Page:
Frequently Asked Questions
How long will it take for me to get my kilt?
To find out how long our current waits time is please look in the "News" section. We like to get a kilt to you in between 4 and 6 weeks but sometimes the number of orders in front of you will prevent that. If you really need your kilt for a special event please let us know by phone or e-mail before you place your order.
How much fabrics will there be in my kilt?
If your kilt is to be made from one of our 35 stock fabrics the amount of fabric needed will depend on two things, the Model and your hip size.
If your kilt is to be made from a Tartan, your hip size and the size of the Sett of the Tartan will determine the amount of fabric needed.
If you browse the different Models in the shop I have listed examples of the amount of fabric to use as a guideline.
On average a Freedom Kilt will use slightly more fabric than a Traditional of the same size. This is due to the generous pleat depth we build into our kilts. Our kilts also feature very large deep and reverse pleats to allow the aprons to drape between your legs when sitting.
Can I have something that is not shown on the website?
Of course. We are custom Scottish weras makers. Every item we make is to each customer’s individual specifications. If you have an idea for your own personal kilt we are only a phone call or e-mail away.
Why do you have different models?
The models we offer were designed to meet the requests we were getting from our customers. Each Model has a completely different pleat reveal and depth, suited to the use. We have found that for hiking, and physical work our customers preferred a kilt with wider pleats. For office work, or when a bit more dressy occasion requires we narrowed the pleats to present a more refined look.
Other kilt makers make the same kilt over and over but change just the pocket arrangement and call it a new model. We prefer to allow each customer to customize his kilt to his needs and preferences so our pockets are all optional. This way the customer can choose only those pockets he will use and place them where they meet the needs of whatever he wishes to do in his kilt.
How do your kilts differ from other kilts?
There are three major points of difference between a Freedom Kilt, a Traditional Style Kilt, and other Contemporary Style Kilts.
The first is how we build the internal strength.
If a kilt is to look well, and last for years, some internal strengthing must be built into the kilt. In a Traditional Style Kilt this internal structure is hair canvas that is attached to the straps and buckles.In truth, you strap on the canvas allowing the outer fabric to "float" on the outside without stress on the stitching of the pleats.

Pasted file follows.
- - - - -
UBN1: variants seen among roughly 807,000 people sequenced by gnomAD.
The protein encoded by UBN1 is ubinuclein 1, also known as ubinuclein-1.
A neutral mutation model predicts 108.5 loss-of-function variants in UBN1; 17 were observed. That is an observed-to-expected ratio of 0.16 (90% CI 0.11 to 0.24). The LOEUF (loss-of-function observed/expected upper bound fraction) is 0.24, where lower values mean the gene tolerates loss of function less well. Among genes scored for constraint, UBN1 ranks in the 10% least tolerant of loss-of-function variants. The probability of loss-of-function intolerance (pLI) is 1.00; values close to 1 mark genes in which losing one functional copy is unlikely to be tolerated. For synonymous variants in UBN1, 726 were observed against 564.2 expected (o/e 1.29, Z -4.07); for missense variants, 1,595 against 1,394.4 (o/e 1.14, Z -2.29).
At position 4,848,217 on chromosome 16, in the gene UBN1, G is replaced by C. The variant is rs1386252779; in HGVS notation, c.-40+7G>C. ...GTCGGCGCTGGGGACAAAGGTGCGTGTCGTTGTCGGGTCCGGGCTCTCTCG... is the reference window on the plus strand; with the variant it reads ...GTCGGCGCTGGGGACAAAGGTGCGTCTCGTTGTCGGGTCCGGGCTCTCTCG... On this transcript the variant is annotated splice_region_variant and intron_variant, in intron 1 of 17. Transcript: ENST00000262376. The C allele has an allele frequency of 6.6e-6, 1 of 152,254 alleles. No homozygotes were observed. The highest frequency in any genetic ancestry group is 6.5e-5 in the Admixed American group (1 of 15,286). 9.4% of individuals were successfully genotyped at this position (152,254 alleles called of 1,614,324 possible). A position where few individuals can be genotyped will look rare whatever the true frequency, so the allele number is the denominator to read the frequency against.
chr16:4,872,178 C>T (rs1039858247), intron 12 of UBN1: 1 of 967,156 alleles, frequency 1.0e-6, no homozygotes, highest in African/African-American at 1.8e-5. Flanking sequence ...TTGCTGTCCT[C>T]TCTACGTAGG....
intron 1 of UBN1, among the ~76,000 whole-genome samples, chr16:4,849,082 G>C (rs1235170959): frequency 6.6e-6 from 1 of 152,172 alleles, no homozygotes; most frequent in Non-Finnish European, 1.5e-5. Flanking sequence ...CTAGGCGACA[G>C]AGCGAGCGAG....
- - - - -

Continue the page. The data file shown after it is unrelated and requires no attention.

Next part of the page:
In a Contemporary Style Kilt we had to find another method of providing this internal structure. At Freedom Kilts we have found a way to allow the wearer to strap or button on his kilt and still allow the outer fabric to float and move without binding or puckering and allowing the pleats to swish properly.
The Second big difference is accuracy.
At Freedom Kilts the shop measuring tolerance is 1/32", or one Twill line of fabric. There is no other Contemporary Kilt maker I know of that holds their product to such a high level of accuracy. This accuracy applies not only to the width of each individual pleat width but also to every other aspect of the kilt. We designed a measuring system that allows us to produce a kilt that fits its wearer perfectly. The waistband will stay in place without drooping or riding up on your waist. The Fell is the correct length regardless of the waistband height. And the Kilt fits snug but not tight enough to cause the pockets to gape open.
The third thing we at Freedom Kilts are very particular of is the pleat hang and swish.
We have borrowed tips from Traditional Style Kilts that allow our pleats to remain straight and parallel throughout the life of the kilt. We increased the depth of the pleats because the stock, machine washable, fabrics we use are usually stiffer than a Wool fabric of the same weight. We choose our fabrics to have the qualities that allow the best swish and yet resist deforming from the stresses of sitting or working in your kilt.
We also used the same Traditional kilt making methods to minimize as much as possible the curl of the edges of the pleats and the aprons that is so common on other Contemporary Kilts.
Why do you ask for so many measurements?
We allow our customers to specify where they will wear the waistband of their kilt. This is quite different from other kiltmakers.If you look in a mirror at the waistband of a pair of jeans you will see that the front is significantly lower than it is in the back. This difference is called slope. In general, the lower you wear the waist of your kilt and the more stomach you have the more slope will be evident. By including slope in our measurement system we insure that the apron of your kilt will hang properly. Other companies charge extra for sloping the aprons. We feel that a proper fitting kilt should not have a large pucker or bulge in the aprons just because slope was not accounted for.